Dividend stocks have tumbled in the post-election rally, leaving those companies more vulnerable to a takeover. Factor in the likelihood of higher interest rates and now might look like an opportune moment for bidders to strike.
But there are good reasons for deal-hungry CEOs to keep their animal spirits in check.
The rotation from defensive stocks like tobacco into financials and growth stocks was underway even before the U.S. election. That shift mirrored a sell off-in the bond market caused by growing expectations of an interest rate rise in December. Donald Trump's election as president has fueled that trend: investors expect rates to rise faster under a new economic policy defined by government spending on things like infrastructure.
Industries like real estate, telecommunications, utilities, food, drink and tobacco are all suffering. The Bloomberg World Consumer Non-Cyclicals Index is down 9 percent since Aug. 1, while the wider Bloomberg World Index is flat. Unilever Plc and Heineken NV are down 16 percent from their highs, renewable energy specialist Innogy SE is down 15 percent and consumer goods company Church & Dwight Co. is down 13 percent.
The list goes on. Obviously, some of the affected stocks are too big to be bid targets, but many smaller ones will look more tempting than they were a few months ago.
Sudden market moves of this kind can be a catalyst for takeover plans that have been waiting for the right moment. Shouldn't hungry CEOs strike?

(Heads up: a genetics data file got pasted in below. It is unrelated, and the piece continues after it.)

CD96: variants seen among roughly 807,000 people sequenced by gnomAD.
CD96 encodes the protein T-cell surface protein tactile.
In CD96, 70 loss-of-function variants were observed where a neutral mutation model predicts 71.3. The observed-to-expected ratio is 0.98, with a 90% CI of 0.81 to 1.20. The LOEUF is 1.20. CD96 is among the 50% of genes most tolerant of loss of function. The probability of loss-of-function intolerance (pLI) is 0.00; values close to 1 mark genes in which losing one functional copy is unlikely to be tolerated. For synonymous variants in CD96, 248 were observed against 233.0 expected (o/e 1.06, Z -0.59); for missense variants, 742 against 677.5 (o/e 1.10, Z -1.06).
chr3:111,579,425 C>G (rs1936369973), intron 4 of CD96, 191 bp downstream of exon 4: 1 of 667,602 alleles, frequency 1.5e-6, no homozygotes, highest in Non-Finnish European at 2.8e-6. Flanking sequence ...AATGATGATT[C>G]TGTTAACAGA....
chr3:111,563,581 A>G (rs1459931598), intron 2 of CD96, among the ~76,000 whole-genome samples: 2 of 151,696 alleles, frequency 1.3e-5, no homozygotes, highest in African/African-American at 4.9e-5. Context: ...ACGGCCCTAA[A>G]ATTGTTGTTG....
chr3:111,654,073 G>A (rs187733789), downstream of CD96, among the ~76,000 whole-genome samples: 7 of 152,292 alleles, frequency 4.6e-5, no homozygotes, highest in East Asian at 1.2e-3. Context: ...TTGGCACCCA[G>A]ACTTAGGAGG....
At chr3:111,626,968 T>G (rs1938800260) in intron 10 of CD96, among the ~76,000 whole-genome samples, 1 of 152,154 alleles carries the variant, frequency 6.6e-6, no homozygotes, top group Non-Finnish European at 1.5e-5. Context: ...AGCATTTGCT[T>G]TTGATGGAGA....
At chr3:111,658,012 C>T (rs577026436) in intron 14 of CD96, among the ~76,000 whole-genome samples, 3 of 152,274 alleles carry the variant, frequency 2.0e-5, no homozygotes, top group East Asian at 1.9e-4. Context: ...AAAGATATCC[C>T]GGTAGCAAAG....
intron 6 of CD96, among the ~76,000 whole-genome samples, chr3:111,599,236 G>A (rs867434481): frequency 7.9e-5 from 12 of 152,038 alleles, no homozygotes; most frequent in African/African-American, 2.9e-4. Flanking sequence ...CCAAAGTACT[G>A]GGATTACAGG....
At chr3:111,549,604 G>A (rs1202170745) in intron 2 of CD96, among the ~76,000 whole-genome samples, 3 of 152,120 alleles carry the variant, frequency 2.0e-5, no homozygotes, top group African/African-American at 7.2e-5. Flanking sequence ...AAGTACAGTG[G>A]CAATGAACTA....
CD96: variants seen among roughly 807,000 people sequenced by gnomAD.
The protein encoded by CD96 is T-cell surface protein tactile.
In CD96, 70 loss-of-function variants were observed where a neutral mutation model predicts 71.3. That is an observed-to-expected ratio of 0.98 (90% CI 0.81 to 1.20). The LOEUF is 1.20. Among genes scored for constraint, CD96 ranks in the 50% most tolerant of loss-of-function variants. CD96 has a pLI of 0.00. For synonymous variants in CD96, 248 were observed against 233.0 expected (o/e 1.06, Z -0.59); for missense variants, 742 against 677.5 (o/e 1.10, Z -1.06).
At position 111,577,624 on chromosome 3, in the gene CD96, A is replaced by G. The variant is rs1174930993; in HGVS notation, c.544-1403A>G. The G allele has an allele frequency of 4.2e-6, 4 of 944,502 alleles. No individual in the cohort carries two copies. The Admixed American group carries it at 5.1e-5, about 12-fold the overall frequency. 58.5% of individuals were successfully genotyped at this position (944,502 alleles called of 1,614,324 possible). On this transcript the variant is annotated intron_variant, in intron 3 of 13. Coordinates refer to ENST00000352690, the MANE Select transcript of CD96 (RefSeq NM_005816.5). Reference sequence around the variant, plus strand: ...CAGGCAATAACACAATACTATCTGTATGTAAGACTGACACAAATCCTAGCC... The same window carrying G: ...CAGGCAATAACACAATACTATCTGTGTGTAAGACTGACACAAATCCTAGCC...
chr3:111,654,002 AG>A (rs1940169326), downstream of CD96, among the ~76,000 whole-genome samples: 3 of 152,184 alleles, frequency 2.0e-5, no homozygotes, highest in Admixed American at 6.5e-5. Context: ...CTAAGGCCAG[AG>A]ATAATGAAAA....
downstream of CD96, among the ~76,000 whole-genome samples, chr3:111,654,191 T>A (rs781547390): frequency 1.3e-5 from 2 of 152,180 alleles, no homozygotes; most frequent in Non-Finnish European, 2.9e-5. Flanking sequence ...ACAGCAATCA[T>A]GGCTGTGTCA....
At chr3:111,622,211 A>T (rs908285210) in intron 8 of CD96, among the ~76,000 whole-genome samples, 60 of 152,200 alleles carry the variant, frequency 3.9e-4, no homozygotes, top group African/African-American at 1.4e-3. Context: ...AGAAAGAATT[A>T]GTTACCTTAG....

Not so fast. Valuations of dividend stocks surged in the years of low interest rates that followed the 2008 financial crisis. Forward price-earnings ratios for global consumer staples companies doubled to about 22 times by mid-2015, according to data compiled by Bloomberg. They have dropped to 19, and could fall further if a prolonged and steady tightening in U.S. monetary policy boosts bond yields and reduces the relative attractiveness of defensive stocks.
The dilemma for bidders is whether to move now and lock in cheap financing -- or wait and see whether valuations of targets become more attractive.
British American Tobacco Plc has chosen the former course with its $45 billion proposal to take full control of Reynolds American Inc. -- although it is hedging its bets on interest rates by making half of its offer in stock.
It's not hard to see why there might be value in waiting. Imagine a $10 billion target trading at 20 times sluggish earnings of $500 million. If investors slash its valuation to 15 times over the coming 18 months, the market value falls to $7.5 billion. If financing costs rise 100 basis points over that time, the financing cost of an all-cash takeover rises by $100 million annually. A bidder might prefer to swallow that increased financing cost to save $2.5 billion upfront on the deal.
The snag is animal spirits don't work like that. They tend to see that something looks cheaper than a month ago -- and pounce.
This column does not necessarily reflect the opinion of Bloomberg LP and its owners.
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